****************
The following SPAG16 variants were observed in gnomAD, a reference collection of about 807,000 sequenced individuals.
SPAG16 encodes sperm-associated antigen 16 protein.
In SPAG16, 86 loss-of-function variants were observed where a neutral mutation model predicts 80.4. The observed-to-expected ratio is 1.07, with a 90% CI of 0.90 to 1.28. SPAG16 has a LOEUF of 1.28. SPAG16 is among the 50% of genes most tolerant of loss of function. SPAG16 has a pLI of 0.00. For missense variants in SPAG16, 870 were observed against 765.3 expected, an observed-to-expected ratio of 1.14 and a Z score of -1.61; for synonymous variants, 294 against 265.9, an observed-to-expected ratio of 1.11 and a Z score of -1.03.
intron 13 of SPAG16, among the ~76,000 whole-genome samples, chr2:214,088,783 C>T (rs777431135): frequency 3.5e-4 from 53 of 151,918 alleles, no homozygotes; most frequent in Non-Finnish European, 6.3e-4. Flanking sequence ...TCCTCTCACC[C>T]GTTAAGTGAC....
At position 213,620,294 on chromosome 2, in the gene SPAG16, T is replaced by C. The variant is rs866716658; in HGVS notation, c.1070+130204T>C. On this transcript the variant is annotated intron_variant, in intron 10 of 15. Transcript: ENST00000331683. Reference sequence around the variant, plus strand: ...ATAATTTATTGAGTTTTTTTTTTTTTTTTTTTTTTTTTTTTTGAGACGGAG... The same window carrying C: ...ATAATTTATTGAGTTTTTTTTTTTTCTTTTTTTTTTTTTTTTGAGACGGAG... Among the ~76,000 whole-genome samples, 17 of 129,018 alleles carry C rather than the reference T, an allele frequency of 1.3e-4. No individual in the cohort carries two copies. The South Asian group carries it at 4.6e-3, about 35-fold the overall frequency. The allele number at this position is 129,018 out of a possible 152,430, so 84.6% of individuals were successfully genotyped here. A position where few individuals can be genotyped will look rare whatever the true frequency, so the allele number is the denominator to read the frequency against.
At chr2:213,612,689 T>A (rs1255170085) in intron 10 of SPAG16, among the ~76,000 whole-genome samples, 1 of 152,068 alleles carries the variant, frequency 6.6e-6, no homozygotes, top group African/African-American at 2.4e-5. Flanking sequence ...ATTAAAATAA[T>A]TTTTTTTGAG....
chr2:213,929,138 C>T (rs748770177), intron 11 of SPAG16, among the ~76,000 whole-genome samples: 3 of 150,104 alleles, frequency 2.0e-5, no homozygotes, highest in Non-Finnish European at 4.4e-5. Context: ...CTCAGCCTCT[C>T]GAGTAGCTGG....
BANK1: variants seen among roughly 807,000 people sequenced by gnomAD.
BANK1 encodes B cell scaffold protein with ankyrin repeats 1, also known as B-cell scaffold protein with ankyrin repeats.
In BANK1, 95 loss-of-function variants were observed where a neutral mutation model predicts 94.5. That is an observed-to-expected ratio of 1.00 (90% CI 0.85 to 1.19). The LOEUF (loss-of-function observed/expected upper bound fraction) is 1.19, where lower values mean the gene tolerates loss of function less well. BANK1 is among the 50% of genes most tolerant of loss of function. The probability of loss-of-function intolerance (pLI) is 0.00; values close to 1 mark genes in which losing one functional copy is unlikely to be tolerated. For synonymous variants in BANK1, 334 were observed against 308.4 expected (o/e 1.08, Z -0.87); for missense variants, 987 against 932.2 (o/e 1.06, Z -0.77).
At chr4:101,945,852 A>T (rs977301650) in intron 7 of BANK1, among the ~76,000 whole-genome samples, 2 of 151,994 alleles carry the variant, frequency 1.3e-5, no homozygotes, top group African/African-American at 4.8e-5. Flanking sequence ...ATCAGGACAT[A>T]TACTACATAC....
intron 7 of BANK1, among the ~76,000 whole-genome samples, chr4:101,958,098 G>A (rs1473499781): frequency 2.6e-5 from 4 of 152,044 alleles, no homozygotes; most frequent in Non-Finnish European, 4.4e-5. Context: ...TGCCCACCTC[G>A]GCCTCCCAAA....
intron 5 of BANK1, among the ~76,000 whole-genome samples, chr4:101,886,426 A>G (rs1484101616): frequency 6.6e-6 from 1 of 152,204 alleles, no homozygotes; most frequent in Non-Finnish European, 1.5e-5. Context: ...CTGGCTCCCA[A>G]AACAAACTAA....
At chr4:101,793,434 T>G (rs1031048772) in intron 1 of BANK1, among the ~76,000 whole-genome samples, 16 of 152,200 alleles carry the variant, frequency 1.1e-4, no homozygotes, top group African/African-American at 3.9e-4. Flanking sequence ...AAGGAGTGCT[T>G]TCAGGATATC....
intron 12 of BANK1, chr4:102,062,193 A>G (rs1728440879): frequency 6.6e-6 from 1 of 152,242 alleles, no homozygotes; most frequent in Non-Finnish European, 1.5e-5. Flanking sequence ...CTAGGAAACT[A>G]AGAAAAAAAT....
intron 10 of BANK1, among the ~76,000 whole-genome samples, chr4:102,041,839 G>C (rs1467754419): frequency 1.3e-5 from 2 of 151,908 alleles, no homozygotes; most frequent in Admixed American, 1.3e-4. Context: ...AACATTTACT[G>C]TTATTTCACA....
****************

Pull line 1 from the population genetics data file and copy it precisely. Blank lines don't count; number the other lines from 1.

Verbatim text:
The following SPAG16 variants were observed in gnomAD, a reference collection of about 807,000 sequenced individuals.